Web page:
Decisions, Decisions

Your legacy is built one decision at a time.-2


One of my favorite sayings, and the title of one of my favorite books, is “Die Empty” (written by Todd Henry). (I have even had a bracelet made with this saying to remind me of my desire to “die empty” when it’s my time). This post isn’t about dying but about this quote from the book  – “Your Legacy is Built One Decision at a Time.” These decisions, which determine our legacy, are made by safety professionals everyday.

You walk by a guy teetering on the top of a metal ladder, in front of a closed door, holding a drill and oh wait  – it’s starting to rain – Do you say something?  Or do you walk on by?

You are riding a bus or train with co-workers and someone starts to berate someone in your group of the opposite sex or of a different religion or political viewpoint than that of the rest of the group. Do you step in or step away?

You are the passenger in an Uber or Lyft and the driver is texting while driving while trying to follow the GPS and get through traffic. Do you say something or keep quiet?

In some of these situations only you will know what decision you made and in others, your actions will be very public. You may think no one notices but every decision will form your legacy. Will people remember you as a safety professional who truly cares about others or someone who “practices” safety only when it’s convenient?

What decisions will you make today that will be your legacy?




Burn Baby Burn


I recently read “212 The Extra Degree : Extraordinary Results Begin With One Small Change” by Sam Parker and Mac Anderson. (It’s a small, short book you can easily read on a bus or train ride to work).  The premise of this book is that the difference of just one degree – 211F to to 212F – can make a huge difference.  The back cover states:

At 211 degrees, water is hot. At 212 degrees, it boils. And with boiling water, comes steam. And steam can power a locomotive.

It’s a good idea.

The idea of just doing a tiny bit more can make huge differences. Applying this and the authors’ examples to our lives as safety professionals could have huge rewards. Consider adding an hour a week (12 minutes a workday) to studying a topic that particularly interests you. At the end of the year you will have added an equivalent of a full week of dedicated study to that area.  When volunteering your time, if you gave 15 minutes more per week,  that’s about another full day and a half of service you are providing to an organization that likely really needs it. If you are a runner/jogger, going an extra .5 mile everyday would mean you ran 183 more miles in a year – that’s the distance between New York and Baltimore and more than the horizontal distance across all of Ireland.  If you got into the office 30 minutes earlier than you already do, that’s 2.5 extra hours of time per week you could use to work on your career, your side hustle, your professional development, your book – whatever. Think about it. If someone came to you and said you could leave work 2.5 hours early every Friday, what could you get done with that newly found time?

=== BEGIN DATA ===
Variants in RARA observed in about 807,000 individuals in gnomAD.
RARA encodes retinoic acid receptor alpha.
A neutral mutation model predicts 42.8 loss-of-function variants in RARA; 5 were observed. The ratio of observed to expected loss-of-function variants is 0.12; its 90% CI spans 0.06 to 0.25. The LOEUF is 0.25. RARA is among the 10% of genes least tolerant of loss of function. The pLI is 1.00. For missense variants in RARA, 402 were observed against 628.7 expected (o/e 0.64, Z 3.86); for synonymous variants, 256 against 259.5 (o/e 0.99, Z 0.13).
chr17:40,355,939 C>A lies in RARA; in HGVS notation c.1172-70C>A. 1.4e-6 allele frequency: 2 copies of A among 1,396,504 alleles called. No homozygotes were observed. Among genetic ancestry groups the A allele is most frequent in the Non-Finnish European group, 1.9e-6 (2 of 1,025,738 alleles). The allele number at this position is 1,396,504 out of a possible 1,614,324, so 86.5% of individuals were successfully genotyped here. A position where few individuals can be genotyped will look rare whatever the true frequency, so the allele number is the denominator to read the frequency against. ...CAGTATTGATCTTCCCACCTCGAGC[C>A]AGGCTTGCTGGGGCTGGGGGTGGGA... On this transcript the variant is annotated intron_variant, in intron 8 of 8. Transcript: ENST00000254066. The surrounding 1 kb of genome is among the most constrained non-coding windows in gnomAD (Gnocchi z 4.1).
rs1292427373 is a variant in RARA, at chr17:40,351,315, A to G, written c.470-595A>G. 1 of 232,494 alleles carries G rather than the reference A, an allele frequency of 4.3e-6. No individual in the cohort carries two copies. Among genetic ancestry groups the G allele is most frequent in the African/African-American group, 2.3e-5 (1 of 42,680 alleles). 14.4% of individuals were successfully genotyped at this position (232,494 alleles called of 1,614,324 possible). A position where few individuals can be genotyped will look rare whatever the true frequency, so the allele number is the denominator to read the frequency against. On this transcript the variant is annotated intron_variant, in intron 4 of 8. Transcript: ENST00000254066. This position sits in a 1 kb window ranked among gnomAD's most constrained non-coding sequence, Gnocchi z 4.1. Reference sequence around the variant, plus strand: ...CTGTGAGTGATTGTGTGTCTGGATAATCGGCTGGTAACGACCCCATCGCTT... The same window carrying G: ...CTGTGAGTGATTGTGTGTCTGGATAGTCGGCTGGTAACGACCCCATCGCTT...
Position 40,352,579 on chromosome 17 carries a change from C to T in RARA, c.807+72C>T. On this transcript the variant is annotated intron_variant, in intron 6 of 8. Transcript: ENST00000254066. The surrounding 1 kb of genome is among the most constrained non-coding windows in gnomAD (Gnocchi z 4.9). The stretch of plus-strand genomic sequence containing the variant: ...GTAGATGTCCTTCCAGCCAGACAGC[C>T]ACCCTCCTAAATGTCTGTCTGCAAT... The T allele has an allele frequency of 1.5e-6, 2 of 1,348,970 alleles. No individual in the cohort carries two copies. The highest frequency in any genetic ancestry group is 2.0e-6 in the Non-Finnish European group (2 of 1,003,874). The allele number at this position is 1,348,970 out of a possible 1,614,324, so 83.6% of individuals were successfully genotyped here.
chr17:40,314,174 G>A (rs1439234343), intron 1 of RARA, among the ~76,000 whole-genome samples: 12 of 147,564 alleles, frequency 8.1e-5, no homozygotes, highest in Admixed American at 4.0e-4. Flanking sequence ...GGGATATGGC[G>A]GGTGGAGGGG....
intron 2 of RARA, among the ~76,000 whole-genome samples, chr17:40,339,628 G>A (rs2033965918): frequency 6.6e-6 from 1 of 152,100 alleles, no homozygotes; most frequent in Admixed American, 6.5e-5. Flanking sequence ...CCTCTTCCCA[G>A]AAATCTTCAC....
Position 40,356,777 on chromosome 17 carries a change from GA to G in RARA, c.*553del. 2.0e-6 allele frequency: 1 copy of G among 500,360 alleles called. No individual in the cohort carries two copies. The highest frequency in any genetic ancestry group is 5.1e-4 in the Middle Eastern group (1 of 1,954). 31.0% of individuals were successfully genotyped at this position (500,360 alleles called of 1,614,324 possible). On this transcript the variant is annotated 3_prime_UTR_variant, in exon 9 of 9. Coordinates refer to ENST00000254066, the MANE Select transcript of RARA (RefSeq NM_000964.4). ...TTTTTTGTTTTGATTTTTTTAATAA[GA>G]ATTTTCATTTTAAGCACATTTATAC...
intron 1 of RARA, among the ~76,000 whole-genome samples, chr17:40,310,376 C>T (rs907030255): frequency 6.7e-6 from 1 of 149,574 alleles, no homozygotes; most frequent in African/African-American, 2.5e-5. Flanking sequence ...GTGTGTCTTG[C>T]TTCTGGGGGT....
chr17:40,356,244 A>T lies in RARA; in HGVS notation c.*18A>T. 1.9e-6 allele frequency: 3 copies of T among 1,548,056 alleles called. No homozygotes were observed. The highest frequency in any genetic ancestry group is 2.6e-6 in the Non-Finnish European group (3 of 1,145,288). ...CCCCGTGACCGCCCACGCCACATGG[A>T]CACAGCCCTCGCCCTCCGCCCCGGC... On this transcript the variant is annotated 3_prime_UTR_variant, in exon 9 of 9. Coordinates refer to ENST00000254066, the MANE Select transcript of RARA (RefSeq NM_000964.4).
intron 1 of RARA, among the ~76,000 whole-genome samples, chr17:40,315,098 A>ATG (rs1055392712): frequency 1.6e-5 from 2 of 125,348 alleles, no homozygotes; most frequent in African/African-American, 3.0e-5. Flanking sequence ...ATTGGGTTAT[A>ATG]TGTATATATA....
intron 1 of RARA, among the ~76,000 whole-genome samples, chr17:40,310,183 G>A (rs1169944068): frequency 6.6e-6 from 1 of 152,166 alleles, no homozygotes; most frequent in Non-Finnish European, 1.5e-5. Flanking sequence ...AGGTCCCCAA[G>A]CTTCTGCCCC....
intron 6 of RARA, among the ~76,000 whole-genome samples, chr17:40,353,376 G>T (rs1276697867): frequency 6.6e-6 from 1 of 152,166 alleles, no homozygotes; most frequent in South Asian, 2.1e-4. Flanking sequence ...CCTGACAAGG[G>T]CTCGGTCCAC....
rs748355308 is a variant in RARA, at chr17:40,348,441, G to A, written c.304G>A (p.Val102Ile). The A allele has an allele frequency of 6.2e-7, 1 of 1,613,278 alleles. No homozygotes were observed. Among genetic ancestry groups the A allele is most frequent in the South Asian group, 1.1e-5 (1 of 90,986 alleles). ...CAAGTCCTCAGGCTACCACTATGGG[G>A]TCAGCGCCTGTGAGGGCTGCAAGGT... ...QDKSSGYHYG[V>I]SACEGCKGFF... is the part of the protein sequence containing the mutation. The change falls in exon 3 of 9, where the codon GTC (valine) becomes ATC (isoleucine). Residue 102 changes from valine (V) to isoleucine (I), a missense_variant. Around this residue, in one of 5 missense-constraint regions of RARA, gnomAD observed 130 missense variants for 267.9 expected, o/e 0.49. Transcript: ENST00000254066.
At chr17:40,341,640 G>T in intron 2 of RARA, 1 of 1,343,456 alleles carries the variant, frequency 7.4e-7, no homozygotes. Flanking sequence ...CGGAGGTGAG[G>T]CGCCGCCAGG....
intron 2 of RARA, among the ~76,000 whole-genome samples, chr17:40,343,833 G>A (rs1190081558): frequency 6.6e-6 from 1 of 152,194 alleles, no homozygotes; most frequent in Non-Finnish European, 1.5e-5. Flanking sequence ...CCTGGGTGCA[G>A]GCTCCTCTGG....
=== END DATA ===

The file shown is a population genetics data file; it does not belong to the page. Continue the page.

In my role as Vice-Chair for the American Society of Safety Engineers Foundation, I always wonder why some safety professionals donate and some do not. If every ASSE member just gave a little more (that one extra degree), that would mean $37,000 more dollars for scholarships, professional development grants for our peers and funding for research – and this could all happen if members gave ONE extra dollar, even if their current giving is zero.

I think it’s hard for us to see how seemingly insignificant actions, such as giving a dollar here or there, can add up. If everyone did a little extra, whether it be in volunteering, studying, exercising or donating to good causes, the benefits would be remarkable.

DNA of Top Achievers

dnaIn an article written by Chris Widener titled the DNA of Top Achievers,  Chris says that Top Achievers would have several important genes including:

  • A predisposition to setting high, lofty goals
  • An ability to focus intently upon reaching their desired destination
  • An ability to focus intently upon reaching their desired destination
  • The willingness to personally sacrifice in order to get to their goal
  • A predisposition to tenacity
  • The ability to see available resources and to use them accordingly
  • A desire to help others achieve more for themselves as well

It’s a great article to check out to see if you are on the right track and if not, it can give you some things to work on. I am particularly interested in the third bulleted item, the ability to focus intently. I have been reading a lot of Cal Newport’s work lately and I have learned a lot about eliminating distractions and it is one of the areas I am working on personally in 2018.  What about you? What’s in your DNA?